Why Perks Don’t Equal Company Culture
Holly Oegema is a student in Software Engineering studying at the University of Waterloo. Currently she is working on the 360Insights development team as an intern.
A common trend that I’ve seen in the tech industry is that the quality of company culture is often determined by how many employee perks are offered. A lot of job seekers will see bean-bag chairs, free food and a ping pong table and nod their heads and exclaim “Ah yes, this is a company I want to work for. Look at this great company culture.” Likewise, companies will try to attract the best and brightest talent by investing their time and money into providing ridiculous perks for their employees such as free monster trucks or Friday helicopter rides. Perks nowadays range anywhere from free lunch to Google’s private bus service for its employees. The common misconception is that if you spend the money on perks, the culture will follow, everyone will be happy and there will be sunshine, rainbows and free lunch.
Now don’t get me wrong, perks can be used to enhance an already great culture, but there is no way that they can be used as replacement for culture. Perks may attract people, but culture is what keeps them.
Think of corporate culture as an apple tree. It is really easy to pick the apples. It’s a lot harder to water the tree and take care of it. Perks are easy. You usually just spend some money and implementing them is usually the responsibility of a few people. Culture on the other hand, requires the effort of everyone in the company. Everyone has to contribute to watering the cultural apple tree. Culture is the personality of the company; it defines the environment in which people work. It is what determines a worker’s happiness and productivity. It is more than a bunch of half-hearted ‘values’ scribbled on a wall somewhere. A great work culture can be painted as an inclusive environment, where individuals are appreciated for who they are, the talents that they bring to the table and are recognized for the impact they make. If someone goes into work everyday and genuinely enjoys being there and the people they work with, there is a really low possibility that the person will wake up one day and say “I need to leave the company I work at, because they don’t offer free bicycle rides like they do at company X.”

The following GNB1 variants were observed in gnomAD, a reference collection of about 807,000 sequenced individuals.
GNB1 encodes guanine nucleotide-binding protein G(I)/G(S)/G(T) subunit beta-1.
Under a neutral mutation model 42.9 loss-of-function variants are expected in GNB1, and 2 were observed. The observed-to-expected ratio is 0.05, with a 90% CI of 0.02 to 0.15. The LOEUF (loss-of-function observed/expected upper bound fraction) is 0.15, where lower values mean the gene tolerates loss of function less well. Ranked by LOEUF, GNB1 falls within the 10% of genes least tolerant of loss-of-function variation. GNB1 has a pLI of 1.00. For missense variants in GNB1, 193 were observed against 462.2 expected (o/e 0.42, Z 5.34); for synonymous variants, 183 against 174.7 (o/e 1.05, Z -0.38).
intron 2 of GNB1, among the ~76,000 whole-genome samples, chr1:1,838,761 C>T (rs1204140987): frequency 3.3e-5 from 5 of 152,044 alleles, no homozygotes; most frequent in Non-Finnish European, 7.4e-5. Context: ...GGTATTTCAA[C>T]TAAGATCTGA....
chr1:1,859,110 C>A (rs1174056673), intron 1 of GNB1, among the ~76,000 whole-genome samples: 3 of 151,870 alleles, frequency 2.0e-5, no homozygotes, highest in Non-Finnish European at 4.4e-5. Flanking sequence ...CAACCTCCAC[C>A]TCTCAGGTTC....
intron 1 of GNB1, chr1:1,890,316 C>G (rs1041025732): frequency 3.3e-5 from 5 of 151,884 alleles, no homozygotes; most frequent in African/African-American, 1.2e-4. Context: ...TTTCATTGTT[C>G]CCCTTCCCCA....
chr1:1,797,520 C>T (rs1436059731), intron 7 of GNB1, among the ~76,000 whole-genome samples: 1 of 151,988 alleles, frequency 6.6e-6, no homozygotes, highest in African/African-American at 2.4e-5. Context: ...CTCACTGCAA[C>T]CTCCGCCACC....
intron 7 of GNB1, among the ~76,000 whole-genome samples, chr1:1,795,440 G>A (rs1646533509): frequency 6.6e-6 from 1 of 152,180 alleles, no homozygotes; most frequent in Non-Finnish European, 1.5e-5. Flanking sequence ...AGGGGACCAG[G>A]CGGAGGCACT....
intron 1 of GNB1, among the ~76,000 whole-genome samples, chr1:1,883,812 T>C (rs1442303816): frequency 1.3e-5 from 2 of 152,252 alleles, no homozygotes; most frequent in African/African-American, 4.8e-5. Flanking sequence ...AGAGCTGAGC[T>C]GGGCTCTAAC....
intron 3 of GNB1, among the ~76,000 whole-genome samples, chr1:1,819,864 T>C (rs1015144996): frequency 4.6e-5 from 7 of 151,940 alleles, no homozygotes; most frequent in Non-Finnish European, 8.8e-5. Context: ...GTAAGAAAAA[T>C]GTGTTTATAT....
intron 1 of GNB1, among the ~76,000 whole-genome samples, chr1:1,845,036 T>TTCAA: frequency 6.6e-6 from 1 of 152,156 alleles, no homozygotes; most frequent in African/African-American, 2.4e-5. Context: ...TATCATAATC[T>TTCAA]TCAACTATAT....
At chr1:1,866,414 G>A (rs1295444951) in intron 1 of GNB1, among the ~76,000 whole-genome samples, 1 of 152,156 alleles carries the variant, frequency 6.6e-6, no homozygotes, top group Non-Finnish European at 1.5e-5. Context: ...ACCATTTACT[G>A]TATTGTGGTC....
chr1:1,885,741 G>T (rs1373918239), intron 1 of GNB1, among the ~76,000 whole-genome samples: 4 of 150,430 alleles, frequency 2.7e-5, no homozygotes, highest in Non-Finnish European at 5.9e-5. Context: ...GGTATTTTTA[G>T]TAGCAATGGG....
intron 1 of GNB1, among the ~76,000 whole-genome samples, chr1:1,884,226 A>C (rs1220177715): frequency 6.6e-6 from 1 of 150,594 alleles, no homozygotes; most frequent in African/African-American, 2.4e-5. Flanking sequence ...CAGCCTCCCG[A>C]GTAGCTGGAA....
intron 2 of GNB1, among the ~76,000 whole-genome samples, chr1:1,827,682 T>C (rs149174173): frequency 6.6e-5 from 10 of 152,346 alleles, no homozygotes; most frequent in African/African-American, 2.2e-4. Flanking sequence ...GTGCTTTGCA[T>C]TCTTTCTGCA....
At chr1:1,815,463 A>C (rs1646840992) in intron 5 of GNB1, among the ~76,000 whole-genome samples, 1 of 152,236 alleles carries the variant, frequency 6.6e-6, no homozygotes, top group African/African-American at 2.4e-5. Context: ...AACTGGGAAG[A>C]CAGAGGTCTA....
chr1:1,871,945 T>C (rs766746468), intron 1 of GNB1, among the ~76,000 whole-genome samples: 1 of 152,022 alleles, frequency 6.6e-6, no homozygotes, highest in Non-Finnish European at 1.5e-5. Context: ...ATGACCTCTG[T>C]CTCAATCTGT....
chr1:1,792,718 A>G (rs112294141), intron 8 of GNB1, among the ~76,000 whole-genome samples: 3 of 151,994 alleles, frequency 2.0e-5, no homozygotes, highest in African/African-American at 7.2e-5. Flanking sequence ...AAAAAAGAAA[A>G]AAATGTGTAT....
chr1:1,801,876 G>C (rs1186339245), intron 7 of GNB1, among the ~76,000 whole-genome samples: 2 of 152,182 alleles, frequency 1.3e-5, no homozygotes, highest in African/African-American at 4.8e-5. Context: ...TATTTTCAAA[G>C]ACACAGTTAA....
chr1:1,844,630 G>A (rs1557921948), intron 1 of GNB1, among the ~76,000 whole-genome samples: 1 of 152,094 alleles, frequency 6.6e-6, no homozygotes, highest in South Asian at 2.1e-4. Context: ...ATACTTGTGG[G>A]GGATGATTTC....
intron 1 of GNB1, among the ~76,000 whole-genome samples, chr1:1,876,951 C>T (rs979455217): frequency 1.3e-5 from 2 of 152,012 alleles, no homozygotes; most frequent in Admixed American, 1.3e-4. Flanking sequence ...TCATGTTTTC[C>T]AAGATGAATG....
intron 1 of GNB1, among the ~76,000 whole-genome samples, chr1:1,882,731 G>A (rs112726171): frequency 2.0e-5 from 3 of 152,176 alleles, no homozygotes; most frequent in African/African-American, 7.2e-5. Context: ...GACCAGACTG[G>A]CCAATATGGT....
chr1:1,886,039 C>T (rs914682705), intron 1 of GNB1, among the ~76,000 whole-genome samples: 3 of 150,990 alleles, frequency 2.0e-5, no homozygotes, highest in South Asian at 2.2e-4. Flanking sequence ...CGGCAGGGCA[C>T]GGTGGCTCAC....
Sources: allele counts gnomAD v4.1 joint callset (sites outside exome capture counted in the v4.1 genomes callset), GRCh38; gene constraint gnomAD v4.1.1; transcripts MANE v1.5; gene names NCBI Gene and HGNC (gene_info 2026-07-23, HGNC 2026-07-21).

Likewise, apples don’t taste as good if they are harvested from a rotting tree. If someone is surrounded by toxic people who are out to get them, no amount of reptiles in the office is going to convince that person to stay.
Just as you can’t place a bowl of apples on a table and simply expect a full apple tree to just grow out of nowhere, you can’t expect to grow culture from perks. However, you can plant an apple tree, and after some tender loving care, you can grow some apples from that tree. The perks that stem from the corporate culture tree should be a result of intention and care for the company’s culture and a reflection of its values.
If you were to travel the world and notice the cultures present in many different countries and community they will all have one thing in common: their cultures were created by people, not perks. Why should company culture be any different?